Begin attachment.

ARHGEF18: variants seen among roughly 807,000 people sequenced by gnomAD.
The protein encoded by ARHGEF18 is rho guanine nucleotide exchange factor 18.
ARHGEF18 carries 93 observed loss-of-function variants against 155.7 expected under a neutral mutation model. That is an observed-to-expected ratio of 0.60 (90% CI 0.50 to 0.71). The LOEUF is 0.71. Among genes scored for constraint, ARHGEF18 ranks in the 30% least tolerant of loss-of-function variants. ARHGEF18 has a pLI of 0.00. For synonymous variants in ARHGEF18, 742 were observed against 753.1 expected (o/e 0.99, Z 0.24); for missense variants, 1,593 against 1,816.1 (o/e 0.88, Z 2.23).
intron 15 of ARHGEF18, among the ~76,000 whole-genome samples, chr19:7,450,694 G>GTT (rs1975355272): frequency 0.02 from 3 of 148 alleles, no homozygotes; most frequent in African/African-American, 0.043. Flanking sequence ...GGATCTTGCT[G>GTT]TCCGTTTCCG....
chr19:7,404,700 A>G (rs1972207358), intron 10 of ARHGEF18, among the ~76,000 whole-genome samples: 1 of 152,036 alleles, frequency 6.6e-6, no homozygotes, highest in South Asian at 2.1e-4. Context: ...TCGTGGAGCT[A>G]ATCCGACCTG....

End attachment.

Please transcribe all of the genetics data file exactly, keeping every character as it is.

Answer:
ARHGEF18: variants seen among roughly 807,000 people sequenced by gnomAD.
The protein encoded by ARHGEF18 is rho guanine nucleotide exchange factor 18.
ARHGEF18 carries 93 observed loss-of-function variants against 155.7 expected under a neutral mutation model. That is an observed-to-expected ratio of 0.60 (90% CI 0.50 to 0.71). The LOEUF is 0.71. Among genes scored for constraint, ARHGEF18 ranks in the 30% least tolerant of loss-of-function variants. ARHGEF18 has a pLI of 0.00. For synonymous variants in ARHGEF18, 742 were observed against 753.1 expected (o/e 0.99, Z 0.24); for missense variants, 1,593 against 1,816.1 (o/e 0.88, Z 2.23).
intron 15 of ARHGEF18, among the ~76,000 whole-genome samples, chr19:7,450,694 G>GTT (rs1975355272): frequency 0.02 from 3 of 148 alleles, no homozygotes; most frequent in African/African-American, 0.043. Flanking sequence ...GGATCTTGCT[G>GTT]TCCGTTTCCG....
chr19:7,404,700 A>G (rs1972207358), intron 10 of ARHGEF18, among the ~76,000 whole-genome samples: 1 of 152,036 alleles, frequency 6.6e-6, no homozygotes, highest in South Asian at 2.1e-4. Context: ...TCGTGGAGCT[A>G]ATCCGACCTG....